# Examples on Maxima and Minima Set 4

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Example - 27

Find the area of the greatest isosceles triangle that can be inscribed in a given ellipse having its vertex coincident with one end of the major axis.

Solution: Assuming the equation of the ellipse to be \begin{align}\frac{{{x^2}}}{{{a^2}}} + \frac{{{y^2}}}{{{b^2}}} = 1,\end{align}  let one vertex of the isosceles triangle be coincident with $$\left( -a,\text{ }0 \right)$$. The other two vertices are variable (though related to each other as mirror reflections). The area of  $$\Delta PQR$$ is

\begin{align}A &= \frac{1}{2} \times QR \times PS\\\\&= \frac{1}{2} \times 2b\sin \theta \times \left( {a + a\cos \theta } \right)\\\\&= ab\sin \theta \left( {1 + \cos \theta } \right)\end{align}

For maximum area,

\begin{align}\frac{{dA}}{{d\theta }}&= 0\,\,{\rm{and }}\frac{{{d^2}A}}{{d{\theta ^2}}} < 0\\\\ \Rightarrow \qquad \frac{{dA}}{{d\theta }}&= ab\left\{ {\cos \theta \left( {1 + \cos \theta } \right) - \sin \theta \cdot \sin \theta } \right\}\\\\&= ab\left\{ {\cos \theta + {{\cos }^2}\theta - {{\sin }^2}\theta } \right\}\\\\&= ab\left\{ {\cos \theta + {{\cos }^2}\theta - 1 + {{\cos }^2}\theta } \right\}\\\\&= ab\left\{ {2{{\cos }^2}\theta + \cos \theta - 1} \right\}\\\\&= ab\left( {2\cos \theta - 1} \right)\left( {\cos \theta + 1} \right)\end{align}

\begin{align}\text{This is 0 when} & \qquad \qquad \cos \theta = \frac{1}{2}\quad\; \Rightarrow \quad \theta = \frac{\pi }{3}\\\text{or} & \qquad \qquad \cos \theta = - 1\quad \Rightarrow \quad \theta = \pi \qquad\text{(obviously a non-valid solution)}\\\end{align}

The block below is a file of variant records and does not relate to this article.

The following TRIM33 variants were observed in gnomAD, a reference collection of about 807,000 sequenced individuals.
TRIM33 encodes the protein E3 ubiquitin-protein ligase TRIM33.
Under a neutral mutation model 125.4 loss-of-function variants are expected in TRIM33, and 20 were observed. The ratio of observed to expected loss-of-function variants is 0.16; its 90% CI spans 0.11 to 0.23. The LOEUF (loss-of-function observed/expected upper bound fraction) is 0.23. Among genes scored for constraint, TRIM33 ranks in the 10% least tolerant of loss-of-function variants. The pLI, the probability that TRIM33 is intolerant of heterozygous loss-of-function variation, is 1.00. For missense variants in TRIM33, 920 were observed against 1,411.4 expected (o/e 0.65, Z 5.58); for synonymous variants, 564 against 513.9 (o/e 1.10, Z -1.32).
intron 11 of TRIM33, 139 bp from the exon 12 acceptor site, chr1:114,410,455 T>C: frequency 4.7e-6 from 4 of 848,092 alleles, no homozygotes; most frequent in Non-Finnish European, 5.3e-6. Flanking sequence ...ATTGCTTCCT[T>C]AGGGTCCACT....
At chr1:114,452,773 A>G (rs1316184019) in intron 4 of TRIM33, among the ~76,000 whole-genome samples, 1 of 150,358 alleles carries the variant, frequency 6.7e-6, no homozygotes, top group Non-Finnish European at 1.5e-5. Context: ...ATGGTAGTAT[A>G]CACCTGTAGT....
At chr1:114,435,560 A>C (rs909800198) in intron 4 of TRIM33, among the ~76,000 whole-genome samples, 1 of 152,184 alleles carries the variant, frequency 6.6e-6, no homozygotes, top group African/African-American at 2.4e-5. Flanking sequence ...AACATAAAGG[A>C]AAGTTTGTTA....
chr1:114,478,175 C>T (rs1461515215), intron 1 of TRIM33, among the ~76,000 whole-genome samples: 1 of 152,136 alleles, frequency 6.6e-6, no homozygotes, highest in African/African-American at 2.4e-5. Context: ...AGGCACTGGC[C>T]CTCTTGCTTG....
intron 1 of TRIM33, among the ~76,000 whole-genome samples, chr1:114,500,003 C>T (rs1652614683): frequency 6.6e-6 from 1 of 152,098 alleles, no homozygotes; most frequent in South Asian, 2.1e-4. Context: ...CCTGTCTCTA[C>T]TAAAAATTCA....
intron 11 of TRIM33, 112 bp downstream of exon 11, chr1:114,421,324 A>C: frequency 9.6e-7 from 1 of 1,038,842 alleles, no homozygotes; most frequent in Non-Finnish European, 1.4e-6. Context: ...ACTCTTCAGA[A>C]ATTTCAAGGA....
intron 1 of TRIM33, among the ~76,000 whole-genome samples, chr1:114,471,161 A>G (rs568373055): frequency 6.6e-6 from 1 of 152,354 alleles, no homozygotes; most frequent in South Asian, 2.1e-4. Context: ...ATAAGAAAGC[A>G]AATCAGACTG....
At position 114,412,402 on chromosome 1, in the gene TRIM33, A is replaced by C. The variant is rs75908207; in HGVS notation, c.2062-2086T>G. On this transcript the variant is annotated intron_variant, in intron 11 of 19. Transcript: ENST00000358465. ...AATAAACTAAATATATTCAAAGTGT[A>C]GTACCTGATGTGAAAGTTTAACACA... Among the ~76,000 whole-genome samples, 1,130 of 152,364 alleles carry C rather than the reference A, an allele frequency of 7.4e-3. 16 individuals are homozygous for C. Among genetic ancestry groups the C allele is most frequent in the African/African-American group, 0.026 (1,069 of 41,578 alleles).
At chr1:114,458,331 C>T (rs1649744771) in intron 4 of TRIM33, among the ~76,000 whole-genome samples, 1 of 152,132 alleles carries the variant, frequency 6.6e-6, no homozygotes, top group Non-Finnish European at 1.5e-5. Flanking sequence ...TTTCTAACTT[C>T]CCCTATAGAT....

Verify that \begin{align}{\left. {\frac{{{d^2}A}}{{d{\theta ^2}}}} \right|_{\theta = \pi /3}} < 0\end{align}  so that \begin{align}\theta = \frac{\pi }{3}\end{align}   is a point of local maximum for A.

\begin{align}A_\max &= ab\sin \theta \left( {1 + \cos \theta } \right) |_{\theta = \pi /3}\\ &= ab \times \frac{{\sqrt 3 }}{2} \times \frac{3}{2}\\&= \frac{{3\sqrt 3 ab}}{4}\end{align}

Example – 28

Find the points on the curve $$a{x^2} + {\rm{ }}2bxy + a{y^2} = c, \;0 < \,a\, <\, b\, < c,$$ whose distance from the origin is minimum.

Solution: In some cases, the form of a variable point  on a given curve is obvious from the equation of the curve. For example, we can take a variable point on \begin{align}\frac{{{x^2}}}{{{a^2}}} + \frac{{{y^2}}}{{{b^2}}} = 1\end{align}  as ( a cos $$\theta$$, b sin$$\theta$$) and on    $$y = {x^2}$$  as  $$\left( {t,{t^2}} \right)$$ and so on.

However, if this form is not obvious from the curve, we can take it to be $$({\text{r cos}}\;\theta ,\,\text{r sin}\;\theta )$$ and make this point (which could represent any point on the plane) satisfy the equation of the given curve. We will do this for the current example.

Let (r cos $$\theta$$, r sin $$\theta$$) be a point on the given curve. The co-ordinates therefore must satisfy the equation of the curve:

\begin{align}& a{\left( {rcos{\rm{ }}\theta } \right)^2} + {\rm{ }}2b\left( {rcos{\rm{ }}\theta } \right)\left( {rsin{\rm{ }}\theta } \right){\rm{ }} + a{\left( {rsin{\rm{ }}\theta } \right)^2} = c\\\\ &\Rightarrow \qquad ar{^2} + b{r^2}sin{\rm{ }}2\theta {\rm{ }} = c\\\\ &\Rightarrow \qquad{r^2} = \frac{c}{{a + b\sin 2\theta }}\qquad \qquad \qquad \qquad \rm{(i)} \end{align}

Any point on the curve must satisfy (i). From (i), it is immediately obvious that $${r^2}$$ has a minimum value of \begin{align}\frac{c}{{a + b}}\end{align}  (when $${\rm{sin}}2\theta = 1$$). We were able to obtain the answer without differentiation.

\begin{align}\text{sin 2}\theta &=1\\\\\Rightarrow \qquad 2\theta &= \frac{\pi }{2},\frac{{5\pi }}{2}\\\\\Rightarrow \qquad \,\theta &= \frac{\pi }{4},\frac{{5\pi }}{4} \qquad ( \theta \;\text{must lie in} [0, 2\pi ] \text{so we obtain only two possible values)}\\\\{r_{\min }} &= \sqrt {\frac{c}{{a + b}}} \end{align}

For \begin{align}\theta = \frac{\pi }{4},\end{align}  the required point is $$(\text{r cos}\,\theta, \text{r sin}\,\theta )$$ or \begin{align}\left( {\sqrt {\frac{c}{{2\left( {a + b} \right)}},} \,\,\sqrt {\frac{c}{{2\left( {a + b} \right)}}} } \right)\end{align}

For  \begin{align}\theta = \frac{{5\pi }}{4}\end{align}, the required point is $$(\text{r cos}\;\theta, \text{r sin}\,\theta)$$ or \begin{align}\left( { - \sqrt {\frac{c}{{2\left( {a + b} \right)}}} , - \sqrt {\frac{c}{{2\left( {a + b} \right)}}} } \right)\end{align}

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